Women Hold the Real Power in this Presidential Election

as seen in the NY Daily News

Do you know our super power?

The recent projections showing what the electoral map could look like if only women voted have gotten significant (and deserved) attention, and the clearest message of that map bears repeating — whichever candidate wins the majority of women’s votes will win the presidential election. That’s power!

However, this shouldn’t be news — women have arguably been the determinative demographic in every presidential election since 1980.

In 2012, for example, women outvoted men by 10 million votes; to put that number in perspective, Barack Obama won the election by 5 million votes.

So, while we’re thrilled to see the voting power of women finally being recognized this election cycle, we should pause before we paint our gender’s preferences with too broad a brush, especially as we transition from taking polls to implementing policies that will affect every American.

Women are not a monolithic group — quite the opposite, in fact. Across generations, sexual orientation, party affiliation, race/ethnicity, we belong not just to one group or identity, but to many.

Naturally, our intersectional experiences straddling the borders of these groups influence the issues nearest and dearest to us.

For some, racial justice predominates in our political concerns. Others focus on the economy or immigration. And for others, the issue animating them is education, or gun violence, or mental health, foreign policy or reproductive rights.

No matter the policy, there is much at stake in our country today, and our collective differences should command the respect of our elected officials.

We are troubled, therefore, that this election has not allowed for constructive conversation of these differences, and has instead been characterized by divisiveness and contention on all sides.

We founded the All In Together Campaign, a non-partisan nonprofit, to highlight and showcase how women are leading the charge in encouraging greater civic and civil engagement.

Just look at the example of women senators: research from Quorum Analytics shows that female senators are more productive, more collaborative and more likely to work with senators across the aisle than their male counterparts.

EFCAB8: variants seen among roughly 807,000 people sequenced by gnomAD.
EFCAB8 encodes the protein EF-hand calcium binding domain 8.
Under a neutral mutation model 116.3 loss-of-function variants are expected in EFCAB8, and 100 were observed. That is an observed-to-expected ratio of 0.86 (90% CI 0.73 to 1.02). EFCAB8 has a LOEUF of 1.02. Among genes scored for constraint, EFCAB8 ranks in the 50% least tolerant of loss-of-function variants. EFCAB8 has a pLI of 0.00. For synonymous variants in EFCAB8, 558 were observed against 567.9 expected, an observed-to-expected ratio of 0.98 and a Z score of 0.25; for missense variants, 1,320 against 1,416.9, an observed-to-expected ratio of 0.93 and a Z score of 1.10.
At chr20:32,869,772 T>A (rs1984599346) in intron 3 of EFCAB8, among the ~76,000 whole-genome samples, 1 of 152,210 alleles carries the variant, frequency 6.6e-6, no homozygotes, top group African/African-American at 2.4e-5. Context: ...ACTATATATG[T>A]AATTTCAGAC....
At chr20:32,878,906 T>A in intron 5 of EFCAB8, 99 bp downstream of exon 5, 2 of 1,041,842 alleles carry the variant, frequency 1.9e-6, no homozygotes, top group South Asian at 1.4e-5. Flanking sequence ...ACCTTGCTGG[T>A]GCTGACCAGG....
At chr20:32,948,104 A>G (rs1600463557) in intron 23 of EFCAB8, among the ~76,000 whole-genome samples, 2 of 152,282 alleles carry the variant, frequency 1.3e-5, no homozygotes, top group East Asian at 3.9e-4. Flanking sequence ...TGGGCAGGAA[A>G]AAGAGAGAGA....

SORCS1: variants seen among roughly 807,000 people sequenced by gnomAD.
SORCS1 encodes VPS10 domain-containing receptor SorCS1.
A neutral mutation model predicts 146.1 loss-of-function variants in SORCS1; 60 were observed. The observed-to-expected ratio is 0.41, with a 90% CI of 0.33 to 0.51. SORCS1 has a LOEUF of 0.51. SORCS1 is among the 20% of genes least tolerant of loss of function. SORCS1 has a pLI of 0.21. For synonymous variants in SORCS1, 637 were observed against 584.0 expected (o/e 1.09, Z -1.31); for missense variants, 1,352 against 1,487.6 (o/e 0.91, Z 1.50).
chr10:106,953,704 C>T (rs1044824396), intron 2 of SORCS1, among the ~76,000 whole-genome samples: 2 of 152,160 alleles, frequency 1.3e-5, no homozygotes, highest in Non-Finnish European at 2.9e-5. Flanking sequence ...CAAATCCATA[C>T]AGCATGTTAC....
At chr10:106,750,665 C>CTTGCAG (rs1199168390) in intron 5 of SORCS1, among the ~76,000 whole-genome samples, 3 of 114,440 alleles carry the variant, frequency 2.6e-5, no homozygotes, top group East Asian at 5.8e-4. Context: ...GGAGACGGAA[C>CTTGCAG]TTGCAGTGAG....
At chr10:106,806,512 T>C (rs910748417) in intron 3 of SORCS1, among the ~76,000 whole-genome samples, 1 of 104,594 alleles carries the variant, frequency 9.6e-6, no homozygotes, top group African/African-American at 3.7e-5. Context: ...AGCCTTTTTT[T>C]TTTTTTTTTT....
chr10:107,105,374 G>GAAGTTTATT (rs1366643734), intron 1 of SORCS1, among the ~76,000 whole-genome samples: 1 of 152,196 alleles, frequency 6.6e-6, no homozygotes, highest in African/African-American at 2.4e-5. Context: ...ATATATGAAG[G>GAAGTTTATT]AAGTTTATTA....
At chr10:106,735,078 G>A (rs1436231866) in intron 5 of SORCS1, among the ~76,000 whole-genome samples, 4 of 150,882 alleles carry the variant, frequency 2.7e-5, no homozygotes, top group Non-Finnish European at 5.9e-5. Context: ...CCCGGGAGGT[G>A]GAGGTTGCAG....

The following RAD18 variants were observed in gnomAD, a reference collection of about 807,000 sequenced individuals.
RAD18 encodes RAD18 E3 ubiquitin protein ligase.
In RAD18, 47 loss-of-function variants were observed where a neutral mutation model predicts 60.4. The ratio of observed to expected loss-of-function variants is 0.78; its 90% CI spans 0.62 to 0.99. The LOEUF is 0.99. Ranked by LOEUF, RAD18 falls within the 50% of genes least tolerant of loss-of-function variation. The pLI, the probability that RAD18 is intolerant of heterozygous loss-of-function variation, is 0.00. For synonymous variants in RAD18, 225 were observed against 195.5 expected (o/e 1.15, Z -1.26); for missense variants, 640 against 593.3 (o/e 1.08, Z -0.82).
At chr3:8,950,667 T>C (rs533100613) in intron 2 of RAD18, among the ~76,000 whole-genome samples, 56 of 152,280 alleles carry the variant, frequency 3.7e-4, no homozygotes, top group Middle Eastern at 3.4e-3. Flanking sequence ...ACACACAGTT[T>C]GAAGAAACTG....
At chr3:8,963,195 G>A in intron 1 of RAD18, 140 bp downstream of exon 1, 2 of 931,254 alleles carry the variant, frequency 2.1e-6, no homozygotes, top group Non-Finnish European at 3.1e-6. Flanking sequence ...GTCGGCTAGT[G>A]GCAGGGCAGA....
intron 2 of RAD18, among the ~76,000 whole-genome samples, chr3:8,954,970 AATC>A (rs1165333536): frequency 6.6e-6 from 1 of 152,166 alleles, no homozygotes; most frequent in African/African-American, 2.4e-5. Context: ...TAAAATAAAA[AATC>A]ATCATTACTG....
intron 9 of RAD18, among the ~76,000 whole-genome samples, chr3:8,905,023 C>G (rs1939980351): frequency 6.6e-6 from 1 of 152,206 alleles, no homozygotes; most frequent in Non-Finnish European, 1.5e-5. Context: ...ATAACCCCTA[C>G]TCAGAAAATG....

In May, AIT hosted a dinner bringing women from both sides of the aisle together to discuss our nation’s political system, featuring Katie Walsh of the Republican National Committee and Amy Dacey, then of the Democratic National Committee.

Despite their political differences, they engaged in a conversation that demonstrated great respect for one another — personally and professionally — and highlighted the historic roles they play in the political realm.

Numbers are powerful, but our ability as women to cross lines of difference, to listen to and work with those who disagree with us, is our superpower — if we choose to use it.

Demands to #RepealThe19th should horrify all of us. Women’s votes and voices are crucial to the survival of a fully participative, representative democracy.

So on Nov. 8, we’ll stand in line to cast our votes, and, regardless of the outcome, encourage our friends and colleagues and mothers and sisters and daughters — indeed, every woman — to continue to speak up about the issues they care about and demand that our voices be met with respect, empathy and action.

Because once our representatives take office, the even more challenging (and arguably more important) work begins — holding them accountable for the commitments they made to earn our votes.

Unfortunately, research shows that Congress receives an estimated 2 million more letters and phone calls from male constituents than female constituents every year. For the sake of our politics and policies, that must change. How can government policies reflect our diverse interests if we don?t make them known?

As with our votes, our voices are powerful — but only if we speak up. To fully drive the conversation, women must lead in all spheres: the professional, the personal and the political.

Casting your vote on Nov. 8 is crucial but it is not enough. Call your member of Congress. Meet with them. Advocate for the issues that are most important to you and demand to be heard not for your vote but for your point of view.

Earlier this year, we launched the AIT Action Center to make this easy to do — whatever your political affiliation, whatever your issue.

Any organization that seeks to endure must commit to civility in discourse and respecting their members’ differences because they understand those commitments improve both the health of the business as well as the health of the communities it serves.

The same principle applies to our government and our country, and here, too, women can lead the way. When the dust settles after the election, seek out and work with those who disagree with you. Demonstrate empathy to their points of view and their experiences.

Our democracy can only be truly representative, fully reflective if women — all women — are fully engaged.

It’s ours to lose.

You can access the original article on the Daily News website.